The first two days of “The sustainability of natural dyes” conference took place at Eastend hotel in Munnar, followed by two days of natural dyeing workshops (at an extra cost) at Aranya Natural’s HQ. Due to limited numbers, all the spaces for the workshops filled up quickly, but many conference attendees requested to stand by and watch, which subsequently overfilled the workshops on the first day.
It was hard to blame those who wanted to watch the workshops as it was a rare opportunity to learn from three leading natural dyeing experts and a group of Japanese indigo farmers and dyers. Since the process of natural dyeing involves the understanding of chemistry, many of the experts would focus more on the chemistry rather than the aesthetics. To me, this is quite valuable, as I believe it is crucial to understand the science behind it all in order to achieve the desired results.
The first workshop that I attended was conducted by Michel Garcia, a world-renowned botanist, chemist, dyer, and naturalist. He is the founder of Couleur Garance (1998) in Lauris, France, and established Le Jardin Conservatoire de Plantes Tinctoriales (Botanical Garden of Dye Plants) in 2000. I have long wanted to attend a workshop by Michel, but he doesn’t seem to conduct many regular workshops, and I can only watch his videos online. In person, he is very funny, passionate and creative, you can really feel his passion for plants and natural dyeing.
In natural dyeing, a mordant is often needed to fix the dyes onto the textiles, and the most common mordant used is alum/potassium aluminium sulfate. At the workshop, Michel demonstrated how to use old tea leaves as a natural mordant, which was very interesting. However, the workshop was extremely packed, which made it difficult for us to hear and follow him properly. It was a shame that this issue was only addressed on the next day.
Screen printing workshop using natural dyes with Michel Garcia
The afternoon workshop was conducted by Jagada Rajappa, who is an independent textile entrepreneur/consultant on natural dyes. She demonstrated dyeing silk yarn with kapila (mellotus Phllipinces) and lac (coccous Lacca), which resulted in vibrant red and yellow. The results revealed that naturally dyed colours are not dull and muted as many would expect.
Jagada Rajappa‘s workshop and ceremony
The next day, the workshops were restricted to those who had originally enrolled, which made more sense. The first workshop was conducted by Linda LaBelle, who is a weaver and natural dyer specialising in indigo. She also runs the website The Yarn Tree that sells fair-trade indigo and other natural dyed items. After yesterday’s observational workshops, I was longing to get my hands dirty. Finally, we got to do some doodling with natural indigo on some cotton fabric that has been pre-dyed in myrobalan. It was a fun session and we got to taste some indigo tea grown by Linda.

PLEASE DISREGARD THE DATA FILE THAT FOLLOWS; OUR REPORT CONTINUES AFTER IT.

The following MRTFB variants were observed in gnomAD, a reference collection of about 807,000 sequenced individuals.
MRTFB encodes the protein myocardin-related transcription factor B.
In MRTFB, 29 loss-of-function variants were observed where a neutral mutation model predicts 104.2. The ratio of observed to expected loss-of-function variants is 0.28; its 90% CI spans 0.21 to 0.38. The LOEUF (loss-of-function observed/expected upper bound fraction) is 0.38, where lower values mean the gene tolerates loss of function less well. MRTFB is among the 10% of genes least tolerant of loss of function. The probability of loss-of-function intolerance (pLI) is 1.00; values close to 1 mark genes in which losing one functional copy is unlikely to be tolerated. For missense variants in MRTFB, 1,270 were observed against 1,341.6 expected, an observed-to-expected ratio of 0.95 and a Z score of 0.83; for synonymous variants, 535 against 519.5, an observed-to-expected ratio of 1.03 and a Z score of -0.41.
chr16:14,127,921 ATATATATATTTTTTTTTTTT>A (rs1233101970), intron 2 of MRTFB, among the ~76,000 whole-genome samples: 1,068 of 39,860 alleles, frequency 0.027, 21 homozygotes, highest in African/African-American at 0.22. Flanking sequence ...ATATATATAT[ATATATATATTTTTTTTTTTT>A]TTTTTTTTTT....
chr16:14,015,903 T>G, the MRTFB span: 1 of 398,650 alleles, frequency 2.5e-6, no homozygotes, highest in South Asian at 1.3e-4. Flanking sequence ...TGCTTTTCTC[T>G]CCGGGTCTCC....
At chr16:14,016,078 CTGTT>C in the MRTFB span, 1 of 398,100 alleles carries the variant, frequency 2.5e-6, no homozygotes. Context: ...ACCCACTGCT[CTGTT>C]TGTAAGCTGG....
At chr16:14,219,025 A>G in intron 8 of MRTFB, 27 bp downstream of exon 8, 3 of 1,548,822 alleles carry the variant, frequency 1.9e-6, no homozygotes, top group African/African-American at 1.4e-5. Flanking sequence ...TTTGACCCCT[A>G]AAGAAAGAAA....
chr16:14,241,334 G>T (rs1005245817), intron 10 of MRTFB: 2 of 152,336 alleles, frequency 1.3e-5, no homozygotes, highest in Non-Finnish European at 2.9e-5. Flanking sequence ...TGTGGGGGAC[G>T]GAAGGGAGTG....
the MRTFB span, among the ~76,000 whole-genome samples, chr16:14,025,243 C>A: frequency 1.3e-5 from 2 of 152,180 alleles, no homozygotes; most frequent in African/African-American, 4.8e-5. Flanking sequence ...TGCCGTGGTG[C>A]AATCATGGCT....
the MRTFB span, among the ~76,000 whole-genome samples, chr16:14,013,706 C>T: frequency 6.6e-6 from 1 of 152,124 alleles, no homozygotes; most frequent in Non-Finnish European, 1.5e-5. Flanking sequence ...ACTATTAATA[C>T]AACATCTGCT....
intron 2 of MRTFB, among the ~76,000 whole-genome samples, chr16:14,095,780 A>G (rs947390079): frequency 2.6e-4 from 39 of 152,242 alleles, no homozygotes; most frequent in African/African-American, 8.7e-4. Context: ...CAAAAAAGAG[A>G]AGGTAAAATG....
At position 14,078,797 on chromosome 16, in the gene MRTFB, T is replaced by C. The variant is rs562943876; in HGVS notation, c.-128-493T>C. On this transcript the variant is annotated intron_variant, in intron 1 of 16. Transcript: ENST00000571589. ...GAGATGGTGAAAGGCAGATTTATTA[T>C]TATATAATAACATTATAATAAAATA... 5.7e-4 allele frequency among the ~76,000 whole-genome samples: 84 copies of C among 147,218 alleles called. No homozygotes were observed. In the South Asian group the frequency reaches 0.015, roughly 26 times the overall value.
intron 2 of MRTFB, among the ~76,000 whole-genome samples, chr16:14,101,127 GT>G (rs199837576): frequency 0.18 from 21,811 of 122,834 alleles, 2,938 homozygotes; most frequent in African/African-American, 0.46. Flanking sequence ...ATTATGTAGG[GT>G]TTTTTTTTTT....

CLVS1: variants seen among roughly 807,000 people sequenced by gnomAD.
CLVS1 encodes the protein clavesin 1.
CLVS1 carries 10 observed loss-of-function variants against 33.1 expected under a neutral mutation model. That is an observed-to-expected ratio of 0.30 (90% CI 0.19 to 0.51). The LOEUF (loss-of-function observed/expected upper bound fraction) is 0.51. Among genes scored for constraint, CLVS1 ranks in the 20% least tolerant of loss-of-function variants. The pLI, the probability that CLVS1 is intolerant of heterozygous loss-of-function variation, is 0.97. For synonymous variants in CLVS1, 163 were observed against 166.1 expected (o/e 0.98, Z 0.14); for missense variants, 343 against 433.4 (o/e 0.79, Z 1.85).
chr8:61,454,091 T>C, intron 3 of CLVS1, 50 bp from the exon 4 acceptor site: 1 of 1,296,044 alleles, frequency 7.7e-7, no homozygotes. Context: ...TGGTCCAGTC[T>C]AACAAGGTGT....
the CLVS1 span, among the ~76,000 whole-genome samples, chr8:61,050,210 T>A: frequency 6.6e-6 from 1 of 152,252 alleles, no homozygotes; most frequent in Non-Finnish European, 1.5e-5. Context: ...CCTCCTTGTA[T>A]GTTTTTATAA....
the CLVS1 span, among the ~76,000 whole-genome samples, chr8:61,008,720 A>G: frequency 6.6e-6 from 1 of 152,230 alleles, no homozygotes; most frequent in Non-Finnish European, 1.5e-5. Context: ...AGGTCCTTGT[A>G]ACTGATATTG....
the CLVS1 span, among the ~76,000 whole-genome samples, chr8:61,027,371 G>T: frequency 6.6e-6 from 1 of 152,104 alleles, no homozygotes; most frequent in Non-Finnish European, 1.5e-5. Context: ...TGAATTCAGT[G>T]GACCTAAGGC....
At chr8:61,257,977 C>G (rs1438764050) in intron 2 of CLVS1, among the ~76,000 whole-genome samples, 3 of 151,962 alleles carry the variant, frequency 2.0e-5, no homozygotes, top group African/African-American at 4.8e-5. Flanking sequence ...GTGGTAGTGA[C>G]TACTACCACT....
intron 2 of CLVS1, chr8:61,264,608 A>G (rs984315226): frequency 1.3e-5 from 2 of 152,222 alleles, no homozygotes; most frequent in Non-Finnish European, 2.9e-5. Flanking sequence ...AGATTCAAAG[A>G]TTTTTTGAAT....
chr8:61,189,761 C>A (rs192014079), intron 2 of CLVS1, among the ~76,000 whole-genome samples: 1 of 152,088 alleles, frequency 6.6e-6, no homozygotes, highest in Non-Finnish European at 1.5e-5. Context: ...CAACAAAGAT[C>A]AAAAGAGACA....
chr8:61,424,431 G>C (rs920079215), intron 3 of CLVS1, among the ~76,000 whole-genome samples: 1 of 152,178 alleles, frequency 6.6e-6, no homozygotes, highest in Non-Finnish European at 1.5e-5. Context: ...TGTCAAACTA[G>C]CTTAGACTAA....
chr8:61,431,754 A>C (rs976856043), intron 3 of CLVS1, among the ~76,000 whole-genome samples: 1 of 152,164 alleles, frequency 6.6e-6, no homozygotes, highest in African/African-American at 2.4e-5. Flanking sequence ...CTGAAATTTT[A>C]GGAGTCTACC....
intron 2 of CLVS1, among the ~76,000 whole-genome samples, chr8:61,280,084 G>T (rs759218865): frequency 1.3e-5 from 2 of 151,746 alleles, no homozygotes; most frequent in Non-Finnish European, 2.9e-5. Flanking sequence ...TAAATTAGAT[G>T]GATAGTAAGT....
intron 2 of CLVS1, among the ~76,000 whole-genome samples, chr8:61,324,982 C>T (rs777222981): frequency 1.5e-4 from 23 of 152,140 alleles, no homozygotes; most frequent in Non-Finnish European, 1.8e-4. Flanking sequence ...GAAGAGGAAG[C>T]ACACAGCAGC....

Indigo Doodles workshop with Linda LaBelle
The last session was the one I had been looking forward to since I signed up months ago. Buaisou was established in Tokushima by a collective of indigo farmers in 2015, and it is partly responsible for the revival of natural indigo worldwide in recent years. Not only it has over 44K followers on Instagram, it also collaborates frequently with other fashion and textiles companies to promote Japanese indigo and the colour ‘Japan Blue’. Buaisou is renowned for its indigo leaf farming – from cultivating the raw indigo, fermenting the indigo leaves (Sukumo), dyeing, and designing, all the way to production. Since the fermentation process takes around 10 days, Kyoko (the manager) had to arrive 2 weeks earlier to set up the vat.
Since I have previously tried katagami (making paper stencils for dyeing textiles) and katazome (the Japanese method of dyeing fabrics using a resist paste applied through a stencil) with Bryan Whitehead in Japan (see my earlier post), I was quite familiar with the process. This time, I didn’t need to design and cut my own stencils as there were many beautiful and complex precut designs to choose from. We were all given a cotton bandana to work on, and after applying the paste through the stencils, we all took turns to dip the fabric into the indigo vat with some guidance.
I would say this was a taster workshop, and would love to learn more from them when I next visit Tokushima (which was supposed to happen this year but it got cancelled because of COVID-19).
After the workshop, it was time to say goodbye to everyone. Over the four days, I made many new friends from around the world who share the same passion as me, and got the opportunity to chat to many experts in the field, hence the conference has exceeded all my expectations. The fact that it managed to take place just before COVID-19 became a pandemic was extremely lucky.
After exchanging contacts with many attendees, a few of us decided to walk back to town and have dinner together. It was a pleasant walk downhill and we had a fun girls’ night out – something that I haven’t done for a long time.
In the past few years, the pursue of natural dyeing has opened doors for me and enabled me to make new friends from around the world. This was completely unexpected, and it made me realise that I am on the right path.